In this article, we observed that a commercial tomato cultivar (“Super Marmande”) gave resistance to the TSWV, which carries both alleles Sw5 and Sw-5b. This result was confirmed by Shi et al. [37] who selected 14 tomato genotypes and 10 domesticated tomato genotypes for resistance against the TSWV and indicated that only three domesticated genotypes (“BHN-444,” “Sophya,” and “Talladega”) and one wild species (LA3667) carry the resistance allele Sw-5b.

In our study, 11 tomato genotypes were highly resistant to the ToMV, namely, S. neoricki 0247, S. corneliomulleri 1274 and 1283 [38], S. pennellii 1733, 2963, and 1942, S. huaylasense 1358 [38], S. chilense 56139, S. lycopersicon cv. Super Marmande, S. habrochaites 1739 [1213], and S. pimpinellifolium 1279 [38], five genotypes were resistant (S. hirsutum 24036, S. galapagense 0317, S. arcanum 1346 [38], S. peruvianum 1333 [14,15], and S. lycopersicon cv. Strain B), two accessions were moderately resistant (S. pimpinellifolium 1342 and 1332 [38]), and one line was moderately susceptible (S. habrochaites 1352). These lines have homozygous dominant or recessive alleles Tm-1 or Tm-2 or Tm-22 or tm22 separately or mixed. However, S. neoricki 0247, S. pimpinellifolium 1342 and 1279, S. lycopersicon cv. Super Marmande, S. lycopersicon cv. Strain B, and S. pennellii 1942 all have homozygous recessive allele tm22, which confers resistance to the ToMV. The resistance to the ToMV may be related to a recessive locus tm22, which is controlled by epistatic interactions. These results were synchronized with the results of Diaz-Pendon et al. [39] who showed that recessive loci have been related to plant virus resistance and have been ascribed to the plants lacking some basic factors desired for movement or replication of the virus. Consequently, it is possible that resistance to the ToMV may be polygenic and involves both dominant and recessive genes. Hashimoto et al. [40] reported that recessive resistance is caused by a mutation in a recessive allele that codes for a host component essential for virus replication. Furthermore, a lack of a negative regulator of defensive responses in the plant host, or the autoactivation of defense signaling, may confer recessive resistance. The most often used recessive resistance loci in diverse crops are eukaryotic translation initiation factor (eIF) 4E and eIF4G, which are effective against a broader range of plant viruses. Mutation in eIF4Es refers to loss of susceptibility to many viruses. It is critical to find new genetic sources for recessive resistance against plant pathogenic viruses in order to develop crops that rely on recessive resistance against a wide range of plant viruses.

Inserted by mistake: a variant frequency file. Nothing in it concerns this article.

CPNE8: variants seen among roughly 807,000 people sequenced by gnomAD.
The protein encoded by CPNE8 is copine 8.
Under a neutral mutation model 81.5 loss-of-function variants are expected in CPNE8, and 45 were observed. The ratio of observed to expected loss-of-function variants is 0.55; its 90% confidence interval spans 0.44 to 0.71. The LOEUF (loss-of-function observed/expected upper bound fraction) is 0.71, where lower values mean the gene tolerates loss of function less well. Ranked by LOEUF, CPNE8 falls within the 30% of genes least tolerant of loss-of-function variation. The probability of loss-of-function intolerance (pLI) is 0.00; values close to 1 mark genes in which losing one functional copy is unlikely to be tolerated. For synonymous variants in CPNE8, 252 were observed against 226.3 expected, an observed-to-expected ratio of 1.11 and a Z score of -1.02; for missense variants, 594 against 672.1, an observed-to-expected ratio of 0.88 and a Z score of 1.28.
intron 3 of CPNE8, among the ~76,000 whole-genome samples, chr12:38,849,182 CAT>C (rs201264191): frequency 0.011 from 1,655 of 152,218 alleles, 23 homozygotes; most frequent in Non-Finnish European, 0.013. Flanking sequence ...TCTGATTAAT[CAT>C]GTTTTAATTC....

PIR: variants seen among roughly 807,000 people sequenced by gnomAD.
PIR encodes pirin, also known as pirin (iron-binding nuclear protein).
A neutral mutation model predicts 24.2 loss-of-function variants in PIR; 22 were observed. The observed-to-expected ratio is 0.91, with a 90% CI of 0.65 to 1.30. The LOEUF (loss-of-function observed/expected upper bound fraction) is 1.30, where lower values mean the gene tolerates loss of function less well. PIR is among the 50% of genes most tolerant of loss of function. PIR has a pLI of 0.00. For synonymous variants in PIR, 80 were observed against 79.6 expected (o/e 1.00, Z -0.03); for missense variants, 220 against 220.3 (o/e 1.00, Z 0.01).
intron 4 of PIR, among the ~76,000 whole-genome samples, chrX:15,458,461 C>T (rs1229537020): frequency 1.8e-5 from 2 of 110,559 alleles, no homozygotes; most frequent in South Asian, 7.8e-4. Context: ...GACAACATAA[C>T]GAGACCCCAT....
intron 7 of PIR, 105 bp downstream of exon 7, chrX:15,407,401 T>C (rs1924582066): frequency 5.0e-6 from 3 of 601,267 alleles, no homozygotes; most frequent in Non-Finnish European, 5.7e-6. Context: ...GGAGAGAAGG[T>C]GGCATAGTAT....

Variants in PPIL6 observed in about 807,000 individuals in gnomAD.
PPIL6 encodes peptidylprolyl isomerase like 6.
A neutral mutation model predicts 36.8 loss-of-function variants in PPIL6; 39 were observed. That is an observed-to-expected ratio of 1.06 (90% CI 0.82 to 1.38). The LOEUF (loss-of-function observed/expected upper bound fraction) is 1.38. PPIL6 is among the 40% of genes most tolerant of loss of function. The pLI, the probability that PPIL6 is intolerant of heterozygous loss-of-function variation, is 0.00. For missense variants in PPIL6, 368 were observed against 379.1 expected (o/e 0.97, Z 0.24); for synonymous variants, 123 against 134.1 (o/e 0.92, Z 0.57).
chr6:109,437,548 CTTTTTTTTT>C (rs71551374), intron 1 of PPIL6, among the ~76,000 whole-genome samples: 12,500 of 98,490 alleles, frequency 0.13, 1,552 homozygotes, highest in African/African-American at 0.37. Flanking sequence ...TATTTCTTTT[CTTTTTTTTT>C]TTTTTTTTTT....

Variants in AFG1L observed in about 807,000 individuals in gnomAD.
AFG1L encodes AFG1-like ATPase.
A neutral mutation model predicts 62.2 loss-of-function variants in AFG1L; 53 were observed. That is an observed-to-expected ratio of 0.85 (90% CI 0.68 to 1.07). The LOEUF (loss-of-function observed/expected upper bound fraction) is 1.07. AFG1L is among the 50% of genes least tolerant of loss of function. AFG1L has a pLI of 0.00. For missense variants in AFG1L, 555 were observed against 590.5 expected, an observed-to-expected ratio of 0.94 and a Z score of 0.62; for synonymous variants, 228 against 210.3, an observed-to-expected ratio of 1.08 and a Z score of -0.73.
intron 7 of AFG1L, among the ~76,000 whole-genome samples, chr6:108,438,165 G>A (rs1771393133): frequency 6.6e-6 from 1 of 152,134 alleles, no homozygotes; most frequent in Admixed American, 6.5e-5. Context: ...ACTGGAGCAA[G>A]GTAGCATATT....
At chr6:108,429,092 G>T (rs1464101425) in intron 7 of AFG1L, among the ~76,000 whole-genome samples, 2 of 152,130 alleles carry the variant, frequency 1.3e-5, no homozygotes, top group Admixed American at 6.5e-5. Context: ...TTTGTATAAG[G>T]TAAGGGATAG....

In this work, some tomato accessions have no dominant or recessive loci and recorded resistance to the ToMV, e.g., S. hirsutum 24036, S. pennellii 1733, S. galapagense 0317, S. corneliomulleri 1274, S. chilense 56139, and S. pimpinellifolium 1332. This resistance may be due to the presence of new genes in the plant host which refer to resistance against the ToMV. These results agreed with Rasul’s results [38] who isolated six genes homologous to the Tm22 locus, which depending on their resistance phenotype were named ScoTm, Satm-2, Sctm-2, ShTm-2, SpiTm-2, and Sptm-3 from S. corneliomulleri LA1292, S. arcanum LA2172, S. chilense LA 2884, S. huaylasense LA1982, S. pimpinellifolium LA0722, and S. peruvianum LA0752, respectively. Ciuffo et al. [41] and Verlaan et al. [42] mentioned that several virus resistance loci (dominant or recessive) had been identified and applied in the breeding programs of different crops. The majority of these loci either do not permit or prevent replication of the virus into the plant cells.